Hi, I am a social worker and have worked with Dementia patients so not altogether unknowledgeable. My mother is 79 and lives in another city. She is active and lucid and lives on her own. About a year and a half ago she had some heart issues (uncontrolled aortic arrhythmia) and was prescribed Coumadin. Shortly after this, she showed some signs of paranoia that things were going missing. She often loses things and sometimes finds them in strange places. However, to qualify this, she has a lot of stuff and is not the best at organization. This is not new, and I unfortunately have similar issues. That said, it does seem to have intensified since the heart issues, but I cannot say for sure someone is not messing with her stuff. She has had things stolen from her in the past by family members and former foster kids. However the paranoia over this has become more excessive. My guess is that it could be medication related or a combination of things. Although rare, I have read it is possible with Coumadin. My actual question is whether you see dementia with only the paranoia. She doesn’t seem to display any short term memory loss at all, although the paranoia symptoms have been present for over 18 months. I have called her several days in a row and she always recalls our previous conversations as well as what see did and ate that day. I know something is up, but not convinced it is dementia. Thanks for the input.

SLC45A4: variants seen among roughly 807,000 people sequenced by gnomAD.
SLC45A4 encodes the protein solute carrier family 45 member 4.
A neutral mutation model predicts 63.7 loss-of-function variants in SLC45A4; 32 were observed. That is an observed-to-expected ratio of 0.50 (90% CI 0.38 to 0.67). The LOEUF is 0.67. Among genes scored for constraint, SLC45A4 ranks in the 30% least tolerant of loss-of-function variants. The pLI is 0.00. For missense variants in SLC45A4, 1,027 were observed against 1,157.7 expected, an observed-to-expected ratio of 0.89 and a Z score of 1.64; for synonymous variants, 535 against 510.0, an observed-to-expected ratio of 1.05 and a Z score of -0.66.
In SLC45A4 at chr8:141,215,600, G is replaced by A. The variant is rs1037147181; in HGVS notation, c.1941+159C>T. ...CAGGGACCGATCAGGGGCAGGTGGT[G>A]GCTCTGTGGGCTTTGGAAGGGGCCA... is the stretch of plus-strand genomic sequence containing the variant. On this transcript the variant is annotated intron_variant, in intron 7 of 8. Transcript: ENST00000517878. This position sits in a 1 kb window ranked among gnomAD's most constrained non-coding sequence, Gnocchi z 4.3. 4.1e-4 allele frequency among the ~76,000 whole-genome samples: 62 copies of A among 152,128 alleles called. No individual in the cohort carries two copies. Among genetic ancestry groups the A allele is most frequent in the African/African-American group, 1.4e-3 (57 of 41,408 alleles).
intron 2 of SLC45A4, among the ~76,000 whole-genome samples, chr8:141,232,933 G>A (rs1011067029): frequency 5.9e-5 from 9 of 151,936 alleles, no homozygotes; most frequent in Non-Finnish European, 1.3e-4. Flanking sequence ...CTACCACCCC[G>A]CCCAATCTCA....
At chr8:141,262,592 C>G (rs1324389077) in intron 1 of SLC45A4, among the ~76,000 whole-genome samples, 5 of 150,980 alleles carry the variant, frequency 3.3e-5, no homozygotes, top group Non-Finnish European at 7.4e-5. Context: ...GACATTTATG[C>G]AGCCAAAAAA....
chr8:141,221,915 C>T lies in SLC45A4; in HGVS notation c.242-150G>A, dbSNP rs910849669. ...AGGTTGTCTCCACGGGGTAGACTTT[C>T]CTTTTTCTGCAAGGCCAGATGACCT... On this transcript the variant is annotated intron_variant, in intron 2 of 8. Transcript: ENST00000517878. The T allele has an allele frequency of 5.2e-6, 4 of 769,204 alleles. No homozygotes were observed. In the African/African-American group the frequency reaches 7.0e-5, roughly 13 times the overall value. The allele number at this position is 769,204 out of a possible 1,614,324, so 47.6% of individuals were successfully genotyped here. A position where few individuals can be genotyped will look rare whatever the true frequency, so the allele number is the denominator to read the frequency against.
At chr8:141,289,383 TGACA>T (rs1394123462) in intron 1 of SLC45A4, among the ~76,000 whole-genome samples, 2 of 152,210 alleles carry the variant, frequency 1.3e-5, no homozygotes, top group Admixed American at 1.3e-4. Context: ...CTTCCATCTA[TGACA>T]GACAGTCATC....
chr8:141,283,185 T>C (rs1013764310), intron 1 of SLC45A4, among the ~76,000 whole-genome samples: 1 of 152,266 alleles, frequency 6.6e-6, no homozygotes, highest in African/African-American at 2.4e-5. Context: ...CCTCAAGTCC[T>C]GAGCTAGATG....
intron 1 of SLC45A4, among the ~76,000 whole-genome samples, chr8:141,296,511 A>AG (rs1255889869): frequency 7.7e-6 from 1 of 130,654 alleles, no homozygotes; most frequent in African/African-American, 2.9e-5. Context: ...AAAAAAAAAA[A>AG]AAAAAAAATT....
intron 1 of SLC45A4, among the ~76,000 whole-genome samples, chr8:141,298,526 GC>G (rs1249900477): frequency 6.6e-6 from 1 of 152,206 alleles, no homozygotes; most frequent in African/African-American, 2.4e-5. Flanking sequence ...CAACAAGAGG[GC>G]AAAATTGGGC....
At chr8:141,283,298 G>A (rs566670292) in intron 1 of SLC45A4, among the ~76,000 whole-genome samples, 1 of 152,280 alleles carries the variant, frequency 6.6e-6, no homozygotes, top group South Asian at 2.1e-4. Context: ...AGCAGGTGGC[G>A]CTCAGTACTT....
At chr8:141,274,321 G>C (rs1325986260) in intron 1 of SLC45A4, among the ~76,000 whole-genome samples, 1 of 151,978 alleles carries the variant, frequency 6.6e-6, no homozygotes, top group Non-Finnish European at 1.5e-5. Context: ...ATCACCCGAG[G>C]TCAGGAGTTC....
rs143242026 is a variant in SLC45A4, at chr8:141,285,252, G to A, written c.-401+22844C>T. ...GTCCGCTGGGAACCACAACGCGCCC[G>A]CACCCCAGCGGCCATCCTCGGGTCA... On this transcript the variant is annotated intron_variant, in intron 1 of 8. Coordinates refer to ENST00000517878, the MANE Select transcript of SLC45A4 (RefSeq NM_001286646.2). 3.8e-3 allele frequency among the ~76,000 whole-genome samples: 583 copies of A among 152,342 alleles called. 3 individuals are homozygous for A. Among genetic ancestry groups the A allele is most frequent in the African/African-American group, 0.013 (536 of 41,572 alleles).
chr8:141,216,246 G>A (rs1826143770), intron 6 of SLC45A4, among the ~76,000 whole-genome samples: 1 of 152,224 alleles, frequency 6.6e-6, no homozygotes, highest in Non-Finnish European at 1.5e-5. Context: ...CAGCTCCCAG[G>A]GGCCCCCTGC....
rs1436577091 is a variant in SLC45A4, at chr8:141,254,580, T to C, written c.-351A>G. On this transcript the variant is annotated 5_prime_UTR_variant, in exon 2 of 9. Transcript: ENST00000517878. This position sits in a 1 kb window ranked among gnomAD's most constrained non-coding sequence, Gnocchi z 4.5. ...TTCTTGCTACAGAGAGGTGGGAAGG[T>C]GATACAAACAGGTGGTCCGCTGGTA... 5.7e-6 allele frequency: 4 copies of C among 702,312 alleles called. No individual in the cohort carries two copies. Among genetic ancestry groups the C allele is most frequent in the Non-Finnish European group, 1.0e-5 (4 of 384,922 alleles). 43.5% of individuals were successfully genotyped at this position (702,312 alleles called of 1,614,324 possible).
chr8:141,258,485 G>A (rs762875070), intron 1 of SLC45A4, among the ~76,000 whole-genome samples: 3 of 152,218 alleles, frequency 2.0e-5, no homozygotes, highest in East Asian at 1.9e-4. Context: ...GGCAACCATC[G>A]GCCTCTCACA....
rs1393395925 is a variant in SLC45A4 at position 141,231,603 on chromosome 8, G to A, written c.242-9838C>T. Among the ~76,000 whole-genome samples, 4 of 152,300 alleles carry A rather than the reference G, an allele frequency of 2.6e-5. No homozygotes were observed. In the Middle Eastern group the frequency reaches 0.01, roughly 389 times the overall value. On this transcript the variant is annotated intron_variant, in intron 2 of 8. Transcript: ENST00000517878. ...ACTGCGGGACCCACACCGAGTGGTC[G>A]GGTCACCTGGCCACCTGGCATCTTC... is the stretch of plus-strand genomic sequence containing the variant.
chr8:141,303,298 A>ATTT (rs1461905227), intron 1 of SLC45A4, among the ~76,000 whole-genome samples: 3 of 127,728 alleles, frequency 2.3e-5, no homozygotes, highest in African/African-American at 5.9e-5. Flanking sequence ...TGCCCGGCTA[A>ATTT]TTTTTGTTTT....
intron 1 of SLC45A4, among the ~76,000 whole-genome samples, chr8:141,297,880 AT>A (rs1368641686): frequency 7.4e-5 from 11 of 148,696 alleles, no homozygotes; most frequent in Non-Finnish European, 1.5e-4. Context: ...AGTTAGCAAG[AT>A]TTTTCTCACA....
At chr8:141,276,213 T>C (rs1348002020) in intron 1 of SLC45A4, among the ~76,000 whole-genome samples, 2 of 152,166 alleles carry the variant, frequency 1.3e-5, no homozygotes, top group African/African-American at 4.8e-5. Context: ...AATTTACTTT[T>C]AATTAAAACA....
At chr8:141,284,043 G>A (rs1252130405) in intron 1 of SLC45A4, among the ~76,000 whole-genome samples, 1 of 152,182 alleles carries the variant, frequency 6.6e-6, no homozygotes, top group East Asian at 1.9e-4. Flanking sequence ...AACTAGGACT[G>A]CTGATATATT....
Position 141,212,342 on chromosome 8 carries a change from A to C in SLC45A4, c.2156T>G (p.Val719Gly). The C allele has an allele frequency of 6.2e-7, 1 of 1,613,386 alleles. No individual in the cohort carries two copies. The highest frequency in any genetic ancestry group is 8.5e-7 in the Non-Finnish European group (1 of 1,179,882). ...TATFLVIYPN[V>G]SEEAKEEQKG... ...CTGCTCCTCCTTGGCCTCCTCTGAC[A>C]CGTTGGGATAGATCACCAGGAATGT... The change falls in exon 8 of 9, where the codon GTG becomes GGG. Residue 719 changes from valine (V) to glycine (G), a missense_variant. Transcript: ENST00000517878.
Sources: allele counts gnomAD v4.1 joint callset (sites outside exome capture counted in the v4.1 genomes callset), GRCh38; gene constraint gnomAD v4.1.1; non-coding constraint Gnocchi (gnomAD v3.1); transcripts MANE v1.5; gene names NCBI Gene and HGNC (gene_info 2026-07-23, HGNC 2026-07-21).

Thanks for writing in.

The Alzheimer’s Association has a great fact sheet on the Ten Warning Signs of Dementia. You can view it here.

Notably, one of the warning signs is personality change. Your mother could have that symptom. Your mother, being a young 79, may also be experiencing what we call fronto-temporal dementia that effects personality before memory and often impacts younger persons.

Recognize that everyone experiencing dementia seems to have their own journey. “When you’ve met one person with Alzheimer’s disease or other dementia, you’ve just met one person with dementia.” One person may have memory and language loss early in the disease process and another person might, for example, maintain language much longer. Thus your mom’s personality change could be a sign of dementia. I encourage you to take her to a good neurologist or geriatrician for a thorough workup. That physician can also look at her blood thinning medication to see if it’s having any negative consequences including stroke.

You mention that people have stolen from her in the past. This is a good time to get her legal and financial affairs in order and to try and simplify the environment of the house. Be sure that important financial documents aren’t accessible to visitors. This can also be a good time to try and introduce some in-home help.

Best wishes and I hope you get a clearer picture soon.

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